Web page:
5. Il ne verrais pas jamais  (1:26)
6. Quand j'étais un bon jeune homme  (3:56)
7. Aljeja, t'as pas un bout d'fil  (7:32)

8. Act II - Introduction  (2:42)
9. Ah mon Aljejo  (2:38)
10. Alexandr Petrovic, on prépare la fête  (3:55)
11. Je dirais tout  (5:54)
12. Après quoi le temps passe  (2:48)
13. La la la la la  (6:21)
14. La pantomime de la belle meunière  (2:07)
15. Et là bas, que je vous demande  (1:48)

Disc Two
1. Act III - Jésus, fils de Dieu  (3:55)
2. Ah frères, va mourir, c'est pas rien  (5:27)
3. Mes pauvres petits frères  (3:15)
4. 'Vous', disait-il au vieux père  (3:22)
5. Filka m'à tourni  (2:04)
6. La vodka  (4:30)
7. Le lendemain  (10:10)
8. Hou ... Hou ... Hou  (6:29)
9. RADIO Closing announcement  (1:23)

CAST:
Lucien Lovano (Bar.),  Chichkov
Roger Barnier (Ten.), Skuratoff
Jean Giraudeau (Ten.), Luka Kouzmitch/Filka Morosov
Doda Conrad (Bar.), Prison Commander
Bernard Demigny (Bar.), Alexandr Petrowitch/Gorjantchikov
Gerard Friedmann (Ten.),  Aljeja
Xavier Depraz (Bass), Don Juan/Tchekunoff
Michel Hamel (Ten.), Garde/Chapkine/Tcherevin/Sganarelle
Andre Vessieres (Bar.), Le Petit Forcat/Le Forgeron
Joseph Peyron (Ten.), Grand Forcat

Choeur d’Hommes de la RTF
, cond. Rene Alix
Orchestre National de la RTF
Live broadcast, Paris, 14 May 1953


JANÁČEK   Sinfonietta

10. 1st mvt. - Allegretto - Allegro maestoso (Fanfare)  (3:30)
11. 2nd mvt. - Andante - Allegretto (The Castle, Brno)  (6:57)
12. 3rd mvt. - Moderato (The Queen's Monastery, Brno)  (6:23)
13. 4th mvt. - Allegretto (The Street Leading to the Castle)  (3:04)
14. 5th mvt. - Andante con moto (The Town Hall, Brno)  (8:37)


Vienna Symphony Orchestra

Studio Recording, Vienna, 2-16 September 1955
Originally released on Vox PL9710

conducted by Jascha Horenstein



XR Remastered by  Andrew Rose
Source recordings and photo from the archives of Misha Horenstein
Special thanks to Marcel Hommel for extra assistance
Cover artwork based on a 1928 photograph of Jascha Horenstein rehearsing the Vienna Symphony Orchestra for the Viennese première of the Sinfonietta


Total duration:  2hr 7:00   
 CD1: 57:53  CD2: 69:06

Act 1

The days at the tsar's penitentiary on the river Irtysh are all the same; dreadful and infinitely long. The prisoners are expecting a new addition, apparently it is to be some kind of "gentleman". The guards bring in Alexandr Petrovich Goryanchikov, who is immediately beaten for the sole reason that he is a political prisoner. The prisoners who hear his cries gather around a cage with an injured eagle: they would like to at least free the eagle and release it from its cage, but the eagle is unable to fly. The return of the guards means that the prisoners have to return to their forced labour, which they try to make more tolerable by singing songs and telling stories. Luka Kuzmich tells them about his life and how he rebelled against the military authorities and even killed the major who had been abusing him. In the meantime the guards bring in Goryanichkov who is so weak after being beaten that he can barely stand.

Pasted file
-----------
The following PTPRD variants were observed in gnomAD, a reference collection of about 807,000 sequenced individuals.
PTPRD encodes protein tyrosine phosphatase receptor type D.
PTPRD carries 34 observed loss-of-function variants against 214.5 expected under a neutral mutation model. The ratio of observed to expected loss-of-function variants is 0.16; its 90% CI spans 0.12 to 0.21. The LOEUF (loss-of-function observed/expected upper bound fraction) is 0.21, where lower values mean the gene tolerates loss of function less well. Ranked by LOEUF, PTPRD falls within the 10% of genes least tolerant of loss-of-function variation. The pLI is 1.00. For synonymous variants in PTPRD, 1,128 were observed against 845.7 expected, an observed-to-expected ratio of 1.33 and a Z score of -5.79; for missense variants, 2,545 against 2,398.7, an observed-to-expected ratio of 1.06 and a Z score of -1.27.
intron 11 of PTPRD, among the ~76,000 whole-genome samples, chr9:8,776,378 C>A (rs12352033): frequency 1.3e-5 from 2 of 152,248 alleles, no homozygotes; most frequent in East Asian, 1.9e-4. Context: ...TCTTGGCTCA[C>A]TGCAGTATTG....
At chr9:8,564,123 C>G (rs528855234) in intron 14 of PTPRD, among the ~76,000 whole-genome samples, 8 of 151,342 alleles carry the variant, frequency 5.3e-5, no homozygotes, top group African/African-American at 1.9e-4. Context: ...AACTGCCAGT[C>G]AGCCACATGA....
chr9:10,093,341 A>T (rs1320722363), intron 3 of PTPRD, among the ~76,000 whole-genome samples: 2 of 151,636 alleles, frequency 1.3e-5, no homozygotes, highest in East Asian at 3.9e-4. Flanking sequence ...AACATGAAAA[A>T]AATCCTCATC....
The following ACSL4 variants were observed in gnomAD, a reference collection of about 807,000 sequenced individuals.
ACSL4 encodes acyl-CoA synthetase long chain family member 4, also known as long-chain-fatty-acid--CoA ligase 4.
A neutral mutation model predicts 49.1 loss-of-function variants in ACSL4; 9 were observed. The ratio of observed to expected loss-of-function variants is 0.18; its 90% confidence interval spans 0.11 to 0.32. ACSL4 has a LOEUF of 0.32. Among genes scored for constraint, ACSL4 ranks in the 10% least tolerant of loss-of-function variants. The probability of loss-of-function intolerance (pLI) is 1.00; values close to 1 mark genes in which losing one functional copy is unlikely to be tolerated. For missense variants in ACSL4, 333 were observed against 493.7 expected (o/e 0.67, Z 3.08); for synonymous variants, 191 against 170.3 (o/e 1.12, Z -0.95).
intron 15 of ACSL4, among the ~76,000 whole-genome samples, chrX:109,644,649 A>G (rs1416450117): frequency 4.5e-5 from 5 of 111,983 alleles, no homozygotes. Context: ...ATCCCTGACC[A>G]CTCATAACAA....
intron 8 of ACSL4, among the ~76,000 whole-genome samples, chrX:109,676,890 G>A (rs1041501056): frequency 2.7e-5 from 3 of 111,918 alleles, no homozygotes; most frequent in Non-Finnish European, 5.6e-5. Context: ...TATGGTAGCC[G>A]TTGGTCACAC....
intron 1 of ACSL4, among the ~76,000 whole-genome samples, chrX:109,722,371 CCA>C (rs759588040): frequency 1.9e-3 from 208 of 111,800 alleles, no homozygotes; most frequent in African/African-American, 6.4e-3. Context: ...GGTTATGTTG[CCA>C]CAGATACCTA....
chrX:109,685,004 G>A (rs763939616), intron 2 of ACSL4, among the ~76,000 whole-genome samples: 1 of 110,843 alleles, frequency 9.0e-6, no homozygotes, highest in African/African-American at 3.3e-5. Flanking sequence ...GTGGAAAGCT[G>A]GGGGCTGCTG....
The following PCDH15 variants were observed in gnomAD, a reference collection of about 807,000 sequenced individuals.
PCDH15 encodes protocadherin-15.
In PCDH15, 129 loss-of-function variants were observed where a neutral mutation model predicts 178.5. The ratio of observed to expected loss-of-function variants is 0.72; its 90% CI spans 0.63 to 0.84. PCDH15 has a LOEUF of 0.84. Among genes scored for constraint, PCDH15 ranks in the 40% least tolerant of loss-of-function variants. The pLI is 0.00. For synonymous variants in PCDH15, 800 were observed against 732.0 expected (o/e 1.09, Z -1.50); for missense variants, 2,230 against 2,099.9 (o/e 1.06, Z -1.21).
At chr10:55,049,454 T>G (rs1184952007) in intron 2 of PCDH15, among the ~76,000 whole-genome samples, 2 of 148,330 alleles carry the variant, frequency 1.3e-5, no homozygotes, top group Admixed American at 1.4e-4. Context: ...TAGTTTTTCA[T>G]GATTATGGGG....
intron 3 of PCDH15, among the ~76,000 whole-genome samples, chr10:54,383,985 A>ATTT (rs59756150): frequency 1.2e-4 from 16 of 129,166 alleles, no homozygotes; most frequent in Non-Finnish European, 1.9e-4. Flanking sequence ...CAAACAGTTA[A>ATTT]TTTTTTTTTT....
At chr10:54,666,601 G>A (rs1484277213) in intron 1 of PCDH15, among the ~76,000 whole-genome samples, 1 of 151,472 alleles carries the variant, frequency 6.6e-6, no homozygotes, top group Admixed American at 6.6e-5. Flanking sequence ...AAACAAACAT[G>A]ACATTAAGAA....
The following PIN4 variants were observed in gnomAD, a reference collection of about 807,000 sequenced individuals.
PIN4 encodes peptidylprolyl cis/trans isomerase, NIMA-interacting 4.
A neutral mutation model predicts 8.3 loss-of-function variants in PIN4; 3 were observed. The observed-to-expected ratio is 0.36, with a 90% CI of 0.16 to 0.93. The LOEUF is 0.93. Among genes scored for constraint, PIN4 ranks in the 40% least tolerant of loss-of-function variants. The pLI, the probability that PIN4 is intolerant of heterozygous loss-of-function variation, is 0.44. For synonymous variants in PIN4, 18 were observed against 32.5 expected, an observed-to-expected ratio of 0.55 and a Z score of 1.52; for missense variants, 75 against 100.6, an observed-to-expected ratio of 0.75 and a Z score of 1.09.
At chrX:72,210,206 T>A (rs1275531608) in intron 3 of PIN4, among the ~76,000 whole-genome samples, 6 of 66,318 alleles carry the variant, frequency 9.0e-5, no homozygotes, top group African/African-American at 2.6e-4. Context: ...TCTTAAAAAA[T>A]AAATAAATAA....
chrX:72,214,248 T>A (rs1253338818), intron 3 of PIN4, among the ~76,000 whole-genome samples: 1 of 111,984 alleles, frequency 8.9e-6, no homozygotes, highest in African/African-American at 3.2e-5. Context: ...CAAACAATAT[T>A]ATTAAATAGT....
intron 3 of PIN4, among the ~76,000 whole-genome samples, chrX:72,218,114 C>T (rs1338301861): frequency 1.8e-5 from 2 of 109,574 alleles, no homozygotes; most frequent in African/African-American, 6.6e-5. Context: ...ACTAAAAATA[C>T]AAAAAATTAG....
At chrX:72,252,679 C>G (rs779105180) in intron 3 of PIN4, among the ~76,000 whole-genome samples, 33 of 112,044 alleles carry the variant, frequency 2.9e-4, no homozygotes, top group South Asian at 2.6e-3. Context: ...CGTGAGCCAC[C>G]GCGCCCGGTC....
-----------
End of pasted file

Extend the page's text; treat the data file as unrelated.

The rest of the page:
Act 2

A year passes. Goryanichkov has befriended a young Tartar called Aljeja, who reminisces about his home. The prisoners are preparing for a holiday and so instead of working they can rest, get better food and organize a theatre performance. During the preparations, Skuratov tells his story: he shot a German who had lured his girlfriend away. In the meantime, a temporary stage has been set up and the play Kedrila and Juan can begin, performed by the prisoners themselves. But not for long - one of the prisoners gets very drunk and attacks Aljeja.

Act 3

Aljeja is taken to hospital. The dying Luka Kuzmich also lies there - moaning and breathing with difficulty, but he is conscious and listens to a story told by the prisoner Shishkov. He knew Akulina, a rich girl whose honour was publicly slandered by Filka Morozov. As a result she was given to the poor Shishkov as his wife. He discovers on his wedding night that Akulina is innocent, but when it turns out that she is deeply in love with Filka despite all of his slurs, Shishkov murders her from jealousy. During these final words, Luka breathes his last. Shishkov leans over him and suddenly recognizes Filka Morozov. The prisoner Gorjanchikov learns from the prison governor that he is to be released. He bids farewell to the prisoners, in particular Aljeja, and leaves for freedom. The eagle is also released, its wings having now healed. For the remaining prisoners the torturous life in prison continues as before.